To thrive in a digital-first world, graduates need to get creative

We need to think about creative skills in higher education differently for the sake of the economy

As we become increasingly digital-first, the world of work has never been more dynamic. With markets expanding and new technologies coming to market quicker than ever before, the idea of having a ‘job for life’ has become an outdated and unlikely concept, especially for the aspiring next generation. At the same time, Adobe’s Get Hired research found that hiring managers are no longer focused solely on formal qualifications, but are looking for candidates who also have a range of soft skills that will help them take on whatever challenges may come their way. Against this changeable backdrop, higher education institutions are proactively seeking new ways to provide students the best possible preparation for workplaces of the future. 

The creative CV skills gap

A paper recently published by academics at Oxford University and the Arts and Humanities Research Council revealed that the COVID-19 pandemic has accelerated the rapid emergence of digital technology as the primary means of communication within business, with the result highlighting digital literacy as essential in enabling effective and persuasive communication. Business leaders polled for the report emphasised the importance to their organisation of being “on top of this multiplatform, multinarrative environment”, along with having the “skills to deal with emerging platforms”, all of which echoes the Future of Jobs 2020 report from the World Economic Forum, which listed “Creativity, originality and initiative” amongst its Top 10 Skills of 2025.

Bringing creativity and digital skills into the heart of study not only helps students stand out to future employers, but it will also enable them to go on to drive change within their chosen fields

That outlook was similarly identified in the Get Hired research, with the top five key skills that employers today demand being identified as communication, creativity, collaboration, creative problem solving, and critical thinking. The research scanned over 100,000 job postings and CVs in the UK, France and Germany, highlighting a sizeable skills gap in the market. While 71% of job postings listed communication as a necessary skill, and 50% listed creativity, as many as three out of four CVs failed to mention these skills. In fact, only 13% highlighted creativity as a skill at all.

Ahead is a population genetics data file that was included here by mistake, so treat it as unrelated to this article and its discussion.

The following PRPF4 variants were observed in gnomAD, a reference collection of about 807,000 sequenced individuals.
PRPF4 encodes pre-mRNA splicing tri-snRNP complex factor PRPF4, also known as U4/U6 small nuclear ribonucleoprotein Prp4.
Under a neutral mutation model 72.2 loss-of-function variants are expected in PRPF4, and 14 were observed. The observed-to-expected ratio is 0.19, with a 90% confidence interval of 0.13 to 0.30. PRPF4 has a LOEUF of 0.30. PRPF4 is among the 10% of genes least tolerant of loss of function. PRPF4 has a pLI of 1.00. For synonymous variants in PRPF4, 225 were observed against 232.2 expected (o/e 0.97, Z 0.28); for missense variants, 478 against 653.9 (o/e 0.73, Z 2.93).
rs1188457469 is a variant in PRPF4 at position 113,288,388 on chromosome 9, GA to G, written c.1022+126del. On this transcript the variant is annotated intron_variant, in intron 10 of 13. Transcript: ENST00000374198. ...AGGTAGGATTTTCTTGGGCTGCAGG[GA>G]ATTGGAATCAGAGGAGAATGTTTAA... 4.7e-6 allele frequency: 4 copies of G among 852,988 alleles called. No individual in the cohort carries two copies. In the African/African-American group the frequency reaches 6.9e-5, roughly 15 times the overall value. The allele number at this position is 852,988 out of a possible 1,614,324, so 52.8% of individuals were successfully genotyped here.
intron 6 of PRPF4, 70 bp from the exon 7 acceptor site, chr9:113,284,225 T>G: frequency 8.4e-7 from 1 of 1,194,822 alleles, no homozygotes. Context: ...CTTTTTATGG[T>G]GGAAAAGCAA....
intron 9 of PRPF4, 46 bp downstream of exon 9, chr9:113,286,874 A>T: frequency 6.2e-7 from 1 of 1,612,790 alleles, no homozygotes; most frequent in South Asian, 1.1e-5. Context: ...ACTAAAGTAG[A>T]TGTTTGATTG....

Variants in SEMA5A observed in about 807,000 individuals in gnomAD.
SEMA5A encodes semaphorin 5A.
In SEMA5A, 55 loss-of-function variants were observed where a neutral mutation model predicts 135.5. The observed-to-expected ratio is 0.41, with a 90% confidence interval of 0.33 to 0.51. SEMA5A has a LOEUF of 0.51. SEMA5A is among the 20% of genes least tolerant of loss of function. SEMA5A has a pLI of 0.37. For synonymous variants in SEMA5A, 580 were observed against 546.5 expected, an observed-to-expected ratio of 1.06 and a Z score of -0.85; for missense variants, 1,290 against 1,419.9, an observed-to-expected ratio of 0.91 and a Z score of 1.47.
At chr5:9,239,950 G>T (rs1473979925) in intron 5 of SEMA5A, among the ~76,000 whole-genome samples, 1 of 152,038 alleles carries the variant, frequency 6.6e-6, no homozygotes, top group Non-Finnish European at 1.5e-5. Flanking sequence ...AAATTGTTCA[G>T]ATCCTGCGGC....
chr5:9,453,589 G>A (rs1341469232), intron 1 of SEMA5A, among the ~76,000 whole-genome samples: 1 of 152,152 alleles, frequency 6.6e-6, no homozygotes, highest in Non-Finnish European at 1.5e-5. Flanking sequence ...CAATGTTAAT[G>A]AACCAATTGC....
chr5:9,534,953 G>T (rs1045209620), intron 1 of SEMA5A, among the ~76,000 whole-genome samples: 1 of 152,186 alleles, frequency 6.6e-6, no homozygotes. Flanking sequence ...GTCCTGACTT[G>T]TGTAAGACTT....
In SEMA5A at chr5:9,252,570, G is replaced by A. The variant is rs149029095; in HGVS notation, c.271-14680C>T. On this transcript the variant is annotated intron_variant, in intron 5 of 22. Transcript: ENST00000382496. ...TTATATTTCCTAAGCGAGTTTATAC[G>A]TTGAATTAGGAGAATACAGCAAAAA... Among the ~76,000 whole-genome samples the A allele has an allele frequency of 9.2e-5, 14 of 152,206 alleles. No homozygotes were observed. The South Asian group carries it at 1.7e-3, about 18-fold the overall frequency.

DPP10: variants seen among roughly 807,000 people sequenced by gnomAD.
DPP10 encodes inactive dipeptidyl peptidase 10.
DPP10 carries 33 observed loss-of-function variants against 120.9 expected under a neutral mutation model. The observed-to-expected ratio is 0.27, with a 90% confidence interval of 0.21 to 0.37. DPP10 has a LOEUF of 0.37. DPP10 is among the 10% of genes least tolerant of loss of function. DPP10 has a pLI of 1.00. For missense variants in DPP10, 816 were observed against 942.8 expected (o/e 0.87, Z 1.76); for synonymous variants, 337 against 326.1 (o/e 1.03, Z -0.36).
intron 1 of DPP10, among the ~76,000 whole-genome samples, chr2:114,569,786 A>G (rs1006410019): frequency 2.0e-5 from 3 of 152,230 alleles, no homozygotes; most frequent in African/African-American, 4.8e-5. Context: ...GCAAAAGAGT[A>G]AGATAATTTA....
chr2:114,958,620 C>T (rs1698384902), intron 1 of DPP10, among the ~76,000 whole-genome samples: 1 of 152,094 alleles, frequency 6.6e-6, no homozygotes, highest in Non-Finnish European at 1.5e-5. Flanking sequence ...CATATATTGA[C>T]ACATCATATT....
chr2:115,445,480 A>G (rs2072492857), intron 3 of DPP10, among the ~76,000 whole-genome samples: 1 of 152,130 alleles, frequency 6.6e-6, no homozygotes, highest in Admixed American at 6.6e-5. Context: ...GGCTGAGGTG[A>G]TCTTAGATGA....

Digital literacy as an enabler

Evidently there is a mismatch between what skills applicants feel they should be highlighting in their CVs and what skills employers value. So how can candidates overcome this? Simply saying “I’m creative” isn’t very…creative.

Rather than stating it as fact, candidates should look to demonstrate how creativity helped them respond to an assignment, communicate an idea or solve a problem. While there are some jobs that will allow candidates to display their talent for oil painting or singing an aria, for the vast majority, the most effective way to creatively communicate an idea is by bringing their CV to life digitally or finding ways to showcase their creative expression on the page. From the boardroom to the research lab, engagement is a competitive advantage. Digital literacy can then become an enabler to developing and showcasing these skills within the curriculum, an opportunity which applies to scientists and lawyers as much as it does to designers and artists.

Creativity on campus

Educators are increasingly responding to this evolution by aiming to help their students stand out from the crowd. One such organisation is Teesside University, which has rolled out a Future Facing Learning strategy as part of its commitment to promoting digital literacy in all areas of study. It was these efforts that led to it being the first higher education institution in Europe to achieve Creative Campus status. Pro vice-chancellor, Professor Mark Simpson, gave his perspective recently when speaking about the challenges and opportunities available to institutions, he said: “There is a fundamental need for educational institutions to shift to a broader, future-focused perspective, which incorporates digital literacy and the ability to express yourself creatively at its core, across all subjects. All too often arts has been sidelined as irrelevant, but it is an equal partner for all subjects and should be woven through everything that institutions teach.”

In any busy environment, it’s the messages that have clarity and are delivered with their audience in mind that cut through and gain traction. From the health professional bringing patient data to life, to the executive promoting sustainability goals, the first battle is for attention; only once that is captured will the content of the ideas have a chance to shine. Bringing creativity and digital skills into the heart of study not only helps students stand out to future employers, but it will also enable them to go on to drive change within their chosen fields. By embracing new technologies as welcome tools, universities can produce a generation of creators and idea generators who are ready to compete on the global stage, no matter the role or sector.

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